So here we go.
|Collins Hardback First edition (printed between 1971 and 1973 ), cover art by Roger Hall|
A weird mystery intrigues The Three Investigators when Carson's Carnival comes to town, for they soon find that someone is out to destroy the funfair and its owner. With a bizarre toy cat as their only clue to the enemy, the boys set out on a deadly manhunt...
|interior artwork by Roger Hall shows Andy,|
from the carnival, being shown
This is another terrific entry, combining a deceptively simple plot with some really good set pieces, logical detection and plenty of intrigue along the way. After setting things up in the first chapter, the story takes off and whips along, featuring bad luck, a reverse-disguise, carny-life, a human fly, a bank robbery and remnants of the past along the way. There’s great use of the abandoned amusement park and it’s desolation and spookiness is remarkably well conveyed (especially during a tense and suspenseful moonlit pursuit). The book also has an element of Robert Arthur style pathos to it, about the waning carnival life and people wanting someting for nothing, which is a nice touch.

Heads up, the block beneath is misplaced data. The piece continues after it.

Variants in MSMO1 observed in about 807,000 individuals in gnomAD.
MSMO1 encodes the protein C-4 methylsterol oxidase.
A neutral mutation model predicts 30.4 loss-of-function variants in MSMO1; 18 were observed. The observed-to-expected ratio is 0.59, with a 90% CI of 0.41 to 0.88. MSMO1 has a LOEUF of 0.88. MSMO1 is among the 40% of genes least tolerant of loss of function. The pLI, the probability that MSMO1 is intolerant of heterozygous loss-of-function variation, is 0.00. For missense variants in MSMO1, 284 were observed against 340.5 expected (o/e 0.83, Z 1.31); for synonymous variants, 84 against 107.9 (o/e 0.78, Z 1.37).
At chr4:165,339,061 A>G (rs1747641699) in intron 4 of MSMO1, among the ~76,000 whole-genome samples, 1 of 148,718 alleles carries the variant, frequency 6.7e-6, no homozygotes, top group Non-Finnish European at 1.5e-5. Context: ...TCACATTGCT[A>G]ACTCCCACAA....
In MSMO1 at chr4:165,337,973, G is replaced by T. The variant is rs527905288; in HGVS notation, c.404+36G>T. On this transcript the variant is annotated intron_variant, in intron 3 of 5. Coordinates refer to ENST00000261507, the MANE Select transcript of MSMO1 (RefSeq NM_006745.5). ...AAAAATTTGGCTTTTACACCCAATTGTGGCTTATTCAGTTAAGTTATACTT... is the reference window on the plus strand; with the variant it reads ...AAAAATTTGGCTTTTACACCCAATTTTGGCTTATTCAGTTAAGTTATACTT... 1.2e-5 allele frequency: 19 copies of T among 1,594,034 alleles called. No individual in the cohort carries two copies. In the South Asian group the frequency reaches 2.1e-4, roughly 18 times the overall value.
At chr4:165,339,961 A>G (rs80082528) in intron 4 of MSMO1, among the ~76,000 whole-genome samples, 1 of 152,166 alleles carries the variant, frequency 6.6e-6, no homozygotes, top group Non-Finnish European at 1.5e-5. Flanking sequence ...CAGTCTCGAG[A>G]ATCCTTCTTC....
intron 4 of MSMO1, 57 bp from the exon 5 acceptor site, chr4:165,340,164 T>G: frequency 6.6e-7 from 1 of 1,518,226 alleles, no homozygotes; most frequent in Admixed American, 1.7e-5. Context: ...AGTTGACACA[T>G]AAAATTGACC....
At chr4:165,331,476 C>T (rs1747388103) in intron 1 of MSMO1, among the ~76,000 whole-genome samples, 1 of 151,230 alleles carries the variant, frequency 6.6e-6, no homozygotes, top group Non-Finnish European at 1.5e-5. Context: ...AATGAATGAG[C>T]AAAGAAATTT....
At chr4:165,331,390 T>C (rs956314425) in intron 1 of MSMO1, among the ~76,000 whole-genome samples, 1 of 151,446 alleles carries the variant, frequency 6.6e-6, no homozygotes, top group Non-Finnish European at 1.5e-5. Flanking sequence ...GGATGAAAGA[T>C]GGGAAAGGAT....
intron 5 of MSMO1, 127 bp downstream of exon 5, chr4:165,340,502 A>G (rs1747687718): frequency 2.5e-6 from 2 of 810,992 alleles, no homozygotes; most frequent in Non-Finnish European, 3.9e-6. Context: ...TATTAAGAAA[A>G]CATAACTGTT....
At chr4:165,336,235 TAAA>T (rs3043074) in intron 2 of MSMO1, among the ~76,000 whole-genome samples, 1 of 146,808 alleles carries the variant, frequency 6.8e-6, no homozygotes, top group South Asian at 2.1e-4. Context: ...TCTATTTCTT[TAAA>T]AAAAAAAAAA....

This also marks the introduction of the tracking devices (put to good use) and features several characters saying “The Jones Salvage Yard has everything!”, which I thought was cool. If the ending is perhaps a little simplistic (though it does have the villain say “I’d have got away except for those stupid kids!” - this was published in 1970, Scooby Doo started in 1969), it still works and doesn’t detract from what is otherwise a gripping read and one I highly recommend.
|The Armada editions show completely different aspects of the story (art by Peter Archer)|
format A (left) printed between 1973 and 1980, format B (right) printed between 1982 and 1983
The internal illustrations for the UK edition were drawn by Roger Hall.
Thanks to Ian Regan for the artwork (you can see more at his excellent Cover Art database here)